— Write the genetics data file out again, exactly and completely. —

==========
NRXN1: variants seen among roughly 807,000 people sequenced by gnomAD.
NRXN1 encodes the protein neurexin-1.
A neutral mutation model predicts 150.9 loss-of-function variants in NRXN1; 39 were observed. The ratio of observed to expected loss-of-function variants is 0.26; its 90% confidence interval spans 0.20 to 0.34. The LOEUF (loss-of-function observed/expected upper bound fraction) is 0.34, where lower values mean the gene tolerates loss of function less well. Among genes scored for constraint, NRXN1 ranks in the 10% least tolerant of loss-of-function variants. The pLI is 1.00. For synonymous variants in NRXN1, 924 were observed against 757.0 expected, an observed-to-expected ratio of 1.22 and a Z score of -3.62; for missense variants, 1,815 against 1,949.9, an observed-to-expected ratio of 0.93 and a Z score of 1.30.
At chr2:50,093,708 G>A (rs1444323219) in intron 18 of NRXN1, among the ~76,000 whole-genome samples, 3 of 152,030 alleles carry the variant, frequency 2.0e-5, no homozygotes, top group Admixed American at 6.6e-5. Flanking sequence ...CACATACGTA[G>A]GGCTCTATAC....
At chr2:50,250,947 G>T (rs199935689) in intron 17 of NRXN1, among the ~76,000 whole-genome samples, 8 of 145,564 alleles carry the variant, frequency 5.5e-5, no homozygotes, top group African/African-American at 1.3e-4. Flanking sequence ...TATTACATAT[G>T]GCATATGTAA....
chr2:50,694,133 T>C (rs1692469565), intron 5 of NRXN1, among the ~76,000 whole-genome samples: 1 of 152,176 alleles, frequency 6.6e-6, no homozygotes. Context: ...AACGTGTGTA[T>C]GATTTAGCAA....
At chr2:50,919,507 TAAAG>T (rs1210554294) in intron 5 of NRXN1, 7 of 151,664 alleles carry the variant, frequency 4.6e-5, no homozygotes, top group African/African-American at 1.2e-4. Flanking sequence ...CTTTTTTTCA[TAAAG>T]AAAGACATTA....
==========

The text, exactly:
NRXN1: variants seen among roughly 807,000 people sequenced by gnomAD.
NRXN1 encodes the protein neurexin-1.
A neutral mutation model predicts 150.9 loss-of-function variants in NRXN1; 39 were observed. The ratio of observed to expected loss-of-function variants is 0.26; its 90% confidence interval spans 0.20 to 0.34. The LOEUF (loss-of-function observed/expected upper bound fraction) is 0.34, where lower values mean the gene tolerates loss of function less well. Among genes scored for constraint, NRXN1 ranks in the 10% least tolerant of loss-of-function variants. The pLI is 1.00. For synonymous variants in NRXN1, 924 were observed against 757.0 expected, an observed-to-expected ratio of 1.22 and a Z score of -3.62; for missense variants, 1,815 against 1,949.9, an observed-to-expected ratio of 0.93 and a Z score of 1.30.
At chr2:50,093,708 G>A (rs1444323219) in intron 18 of NRXN1, among the ~76,000 whole-genome samples, 3 of 152,030 alleles carry the variant, frequency 2.0e-5, no homozygotes, top group Admixed American at 6.6e-5. Flanking sequence ...CACATACGTA[G>A]GGCTCTATAC....
At chr2:50,250,947 G>T (rs199935689) in intron 17 of NRXN1, among the ~76,000 whole-genome samples, 8 of 145,564 alleles carry the variant, frequency 5.5e-5, no homozygotes, top group African/African-American at 1.3e-4. Flanking sequence ...TATTACATAT[G>T]GCATATGTAA....
chr2:50,694,133 T>C (rs1692469565), intron 5 of NRXN1, among the ~76,000 whole-genome samples: 1 of 152,176 alleles, frequency 6.6e-6, no homozygotes. Context: ...AACGTGTGTA[T>C]GATTTAGCAA....
At chr2:50,919,507 TAAAG>T (rs1210554294) in intron 5 of NRXN1, 7 of 151,664 alleles carry the variant, frequency 4.6e-5, no homozygotes, top group African/African-American at 1.2e-4. Flanking sequence ...CTTTTTTTCA[TAAAG>T]AAAGACATTA....